scouts-l Mail Archive for June of 2000: Re: Zero Tolerance [off list]
Bruce E. Cobern (bec@PIPELINE.COM
Sat Jun 03 2000 - 15:35:35 CDT
> From: Scouts-L Youth Group List [mailto:Scouts-L@listserv.tcu.edu]On
> Behalf Of Anthony Mako
> Sent: Saturday, June 03, 2000 11:01 AM
> Another fatal flaw in your argument. For a situation like this to "play
> itself out" requires some measure of justice. All too often, however, we
> find that justice is not part of the zero tolerance equation. Yes, he
> the rules. Yes, he broke them. A compassionate society would evaluate the
> circumstances of the situation; determine that the boy 1) made a mistake,
> and 2) did not have harmful intent; and punished him accordingly
> (i.e. short suspension, loss of school driving privileges, or some other
> punishment). In a zero tolerance society, however, the circumstances
> evaluated, his possession of the "weapons" is determined to imply harmful
> intent, and his punishment is harsh and predetermined (i.e. expulsion,
> suspension, etc.).
> When you or I break one of society's rules, we have guaranteed rights
> state: 1) the state must prove we broke the rule (innocent until proven
> guilty); 2) the circumstances of the situation have to be considered
> trial); 3) we can't be ganged up on by the state (right to counsel); 4)
> can't be forced to confess to a crime (self-incrimination); and 5) the
> must have compelling evidence of the crime before they can search our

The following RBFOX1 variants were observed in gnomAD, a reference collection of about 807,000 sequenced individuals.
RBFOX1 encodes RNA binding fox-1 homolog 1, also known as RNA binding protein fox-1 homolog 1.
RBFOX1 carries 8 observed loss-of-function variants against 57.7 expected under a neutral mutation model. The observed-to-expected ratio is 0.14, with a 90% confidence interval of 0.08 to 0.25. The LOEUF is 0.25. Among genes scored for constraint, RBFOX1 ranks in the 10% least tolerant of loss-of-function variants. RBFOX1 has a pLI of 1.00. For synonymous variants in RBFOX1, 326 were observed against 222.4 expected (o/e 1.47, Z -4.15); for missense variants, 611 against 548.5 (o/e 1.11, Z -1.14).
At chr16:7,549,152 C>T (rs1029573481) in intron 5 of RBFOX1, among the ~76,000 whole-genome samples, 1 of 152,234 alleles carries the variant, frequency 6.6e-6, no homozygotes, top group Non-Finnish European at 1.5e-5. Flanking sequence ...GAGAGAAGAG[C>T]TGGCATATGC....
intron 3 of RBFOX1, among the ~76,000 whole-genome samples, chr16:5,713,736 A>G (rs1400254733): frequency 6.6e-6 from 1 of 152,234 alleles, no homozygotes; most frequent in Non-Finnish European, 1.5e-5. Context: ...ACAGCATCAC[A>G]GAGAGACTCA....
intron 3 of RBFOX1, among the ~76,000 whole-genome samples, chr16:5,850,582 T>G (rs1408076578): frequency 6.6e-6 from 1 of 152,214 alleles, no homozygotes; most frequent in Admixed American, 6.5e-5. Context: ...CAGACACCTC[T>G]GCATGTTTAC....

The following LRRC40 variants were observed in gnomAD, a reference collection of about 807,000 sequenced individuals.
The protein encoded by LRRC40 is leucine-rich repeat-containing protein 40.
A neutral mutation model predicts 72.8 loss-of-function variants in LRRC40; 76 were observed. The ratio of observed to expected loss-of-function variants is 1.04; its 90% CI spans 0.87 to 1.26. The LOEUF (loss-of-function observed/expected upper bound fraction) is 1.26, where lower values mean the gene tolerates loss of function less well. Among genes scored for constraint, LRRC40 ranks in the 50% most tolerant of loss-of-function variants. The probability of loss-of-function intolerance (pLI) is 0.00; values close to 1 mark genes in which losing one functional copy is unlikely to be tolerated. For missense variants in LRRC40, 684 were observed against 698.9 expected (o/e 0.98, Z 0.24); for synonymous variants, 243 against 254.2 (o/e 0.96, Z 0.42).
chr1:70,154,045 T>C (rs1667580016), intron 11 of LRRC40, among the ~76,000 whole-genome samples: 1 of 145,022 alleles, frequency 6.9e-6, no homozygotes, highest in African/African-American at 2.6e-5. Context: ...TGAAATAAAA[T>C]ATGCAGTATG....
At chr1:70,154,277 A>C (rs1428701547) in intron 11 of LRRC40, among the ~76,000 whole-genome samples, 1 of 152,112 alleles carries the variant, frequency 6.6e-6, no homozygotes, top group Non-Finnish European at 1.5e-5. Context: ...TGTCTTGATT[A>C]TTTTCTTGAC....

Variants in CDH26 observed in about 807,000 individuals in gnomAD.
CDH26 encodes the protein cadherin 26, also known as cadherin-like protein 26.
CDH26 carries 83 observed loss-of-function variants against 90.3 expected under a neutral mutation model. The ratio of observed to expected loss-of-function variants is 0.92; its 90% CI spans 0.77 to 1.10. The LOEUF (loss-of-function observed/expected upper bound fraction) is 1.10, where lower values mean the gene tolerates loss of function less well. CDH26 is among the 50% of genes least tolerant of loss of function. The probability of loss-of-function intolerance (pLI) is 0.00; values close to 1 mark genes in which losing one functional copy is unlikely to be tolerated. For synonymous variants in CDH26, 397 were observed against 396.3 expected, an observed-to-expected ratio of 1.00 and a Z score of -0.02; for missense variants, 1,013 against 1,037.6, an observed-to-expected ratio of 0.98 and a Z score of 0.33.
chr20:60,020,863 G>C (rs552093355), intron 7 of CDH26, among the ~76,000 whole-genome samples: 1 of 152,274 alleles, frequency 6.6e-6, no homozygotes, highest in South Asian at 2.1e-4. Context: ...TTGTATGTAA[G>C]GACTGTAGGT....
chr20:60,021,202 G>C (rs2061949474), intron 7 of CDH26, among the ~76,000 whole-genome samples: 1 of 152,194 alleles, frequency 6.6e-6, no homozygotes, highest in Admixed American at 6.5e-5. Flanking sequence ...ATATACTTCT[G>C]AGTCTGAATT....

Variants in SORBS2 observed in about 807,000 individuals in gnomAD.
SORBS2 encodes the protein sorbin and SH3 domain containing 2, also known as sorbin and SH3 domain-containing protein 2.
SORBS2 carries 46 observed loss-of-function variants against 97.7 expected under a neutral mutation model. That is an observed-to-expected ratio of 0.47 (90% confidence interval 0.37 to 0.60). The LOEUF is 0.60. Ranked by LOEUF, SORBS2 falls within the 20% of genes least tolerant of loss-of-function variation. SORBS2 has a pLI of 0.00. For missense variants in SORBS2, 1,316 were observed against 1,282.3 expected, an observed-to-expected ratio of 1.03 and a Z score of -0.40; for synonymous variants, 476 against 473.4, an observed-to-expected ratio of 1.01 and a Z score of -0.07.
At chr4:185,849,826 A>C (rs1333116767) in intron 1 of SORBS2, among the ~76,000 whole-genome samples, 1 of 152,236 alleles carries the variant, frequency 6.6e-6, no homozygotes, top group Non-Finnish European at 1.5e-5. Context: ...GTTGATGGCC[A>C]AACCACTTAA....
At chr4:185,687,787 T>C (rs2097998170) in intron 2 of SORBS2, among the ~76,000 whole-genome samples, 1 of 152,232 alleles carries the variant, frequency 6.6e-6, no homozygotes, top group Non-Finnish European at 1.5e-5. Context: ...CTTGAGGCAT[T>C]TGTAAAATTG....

> property for evidence (illegal search and seizure). Even with mandatory
> sentencing laws, judges (and prosecutors) still have some discretion
> when it comes to determining punishment.
To use an example of this discretion when it comes to adults we need look
no further than the case of our outgoing Chief Scout Executive, who made
the mistake of showing up to board an airplane in Miami with a loaded gun
in his carry-on luggage. He was arrested and, I believe, spent a night in
jail. However, after reviewing his record and the facts surrounding the
incident, both state and federal officials decided NOT to press charges.
Was he guilty of the offense of attempting to carry the gun onto the plane?
Absolutely. However, because of the discretion allowed to officials
outside of school communities, it was decided that there clearly was no
intent, that this was a stupid mistake, and the matter was dropped. Had
this been a situation where the zero tolerance/zero discretion rules were
in place he would now be in jail.
We can argue about whether the officials were right or wrong in the
exercise of their discretion, or whether he was punished sufficiently for
his stupid action, but the point is that the system was allowed to try to
make the punishment fit the crime. That is the discretion that is lacking
in all this hysteria about zero tolerance in our schools.
Bruce E. Cobern